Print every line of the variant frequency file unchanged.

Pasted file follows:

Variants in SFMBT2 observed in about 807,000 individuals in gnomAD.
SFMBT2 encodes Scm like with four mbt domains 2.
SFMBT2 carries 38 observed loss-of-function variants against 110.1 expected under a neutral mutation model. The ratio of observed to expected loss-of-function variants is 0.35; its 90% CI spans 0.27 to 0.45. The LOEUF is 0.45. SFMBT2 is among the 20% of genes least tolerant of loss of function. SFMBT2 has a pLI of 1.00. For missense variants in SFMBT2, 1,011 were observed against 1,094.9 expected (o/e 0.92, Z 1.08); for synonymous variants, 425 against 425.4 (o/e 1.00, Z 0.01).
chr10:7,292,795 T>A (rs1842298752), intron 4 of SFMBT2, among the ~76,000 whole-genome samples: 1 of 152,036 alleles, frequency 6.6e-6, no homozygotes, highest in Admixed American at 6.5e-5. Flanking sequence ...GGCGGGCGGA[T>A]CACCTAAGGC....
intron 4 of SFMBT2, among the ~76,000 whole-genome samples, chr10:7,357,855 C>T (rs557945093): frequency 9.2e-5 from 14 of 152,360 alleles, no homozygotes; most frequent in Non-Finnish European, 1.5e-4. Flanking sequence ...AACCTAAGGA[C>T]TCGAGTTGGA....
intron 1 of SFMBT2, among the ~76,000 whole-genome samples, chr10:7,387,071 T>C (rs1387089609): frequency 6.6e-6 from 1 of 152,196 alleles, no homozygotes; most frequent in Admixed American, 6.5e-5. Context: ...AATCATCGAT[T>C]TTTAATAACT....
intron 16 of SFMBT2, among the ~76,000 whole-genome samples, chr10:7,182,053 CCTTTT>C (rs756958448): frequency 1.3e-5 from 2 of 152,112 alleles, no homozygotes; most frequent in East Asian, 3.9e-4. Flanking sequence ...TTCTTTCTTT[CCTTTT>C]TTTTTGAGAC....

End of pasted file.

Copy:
Variants in SFMBT2 observed in about 807,000 individuals in gnomAD.
SFMBT2 encodes Scm like with four mbt domains 2.
SFMBT2 carries 38 observed loss-of-function variants against 110.1 expected under a neutral mutation model. The ratio of observed to expected loss-of-function variants is 0.35; its 90% CI spans 0.27 to 0.45. The LOEUF is 0.45. SFMBT2 is among the 20% of genes least tolerant of loss of function. SFMBT2 has a pLI of 1.00. For missense variants in SFMBT2, 1,011 were observed against 1,094.9 expected (o/e 0.92, Z 1.08); for synonymous variants, 425 against 425.4 (o/e 1.00, Z 0.01).
chr10:7,292,795 T>A (rs1842298752), intron 4 of SFMBT2, among the ~76,000 whole-genome samples: 1 of 152,036 alleles, frequency 6.6e-6, no homozygotes, highest in Admixed American at 6.5e-5. Flanking sequence ...GGCGGGCGGA[T>A]CACCTAAGGC....
intron 4 of SFMBT2, among the ~76,000 whole-genome samples, chr10:7,357,855 C>T (rs557945093): frequency 9.2e-5 from 14 of 152,360 alleles, no homozygotes; most frequent in Non-Finnish European, 1.5e-4. Flanking sequence ...AACCTAAGGA[C>T]TCGAGTTGGA....
intron 1 of SFMBT2, among the ~76,000 whole-genome samples, chr10:7,387,071 T>C (rs1387089609): frequency 6.6e-6 from 1 of 152,196 alleles, no homozygotes; most frequent in Admixed American, 6.5e-5. Context: ...AATCATCGAT[T>C]TTTAATAACT....
intron 16 of SFMBT2, among the ~76,000 whole-genome samples, chr10:7,182,053 CCTTTT>C (rs756958448): frequency 1.3e-5 from 2 of 152,112 alleles, no homozygotes; most frequent in East Asian, 3.9e-4. Flanking sequence ...TTCTTTCTTT[CCTTTT>C]TTTTTGAGAC....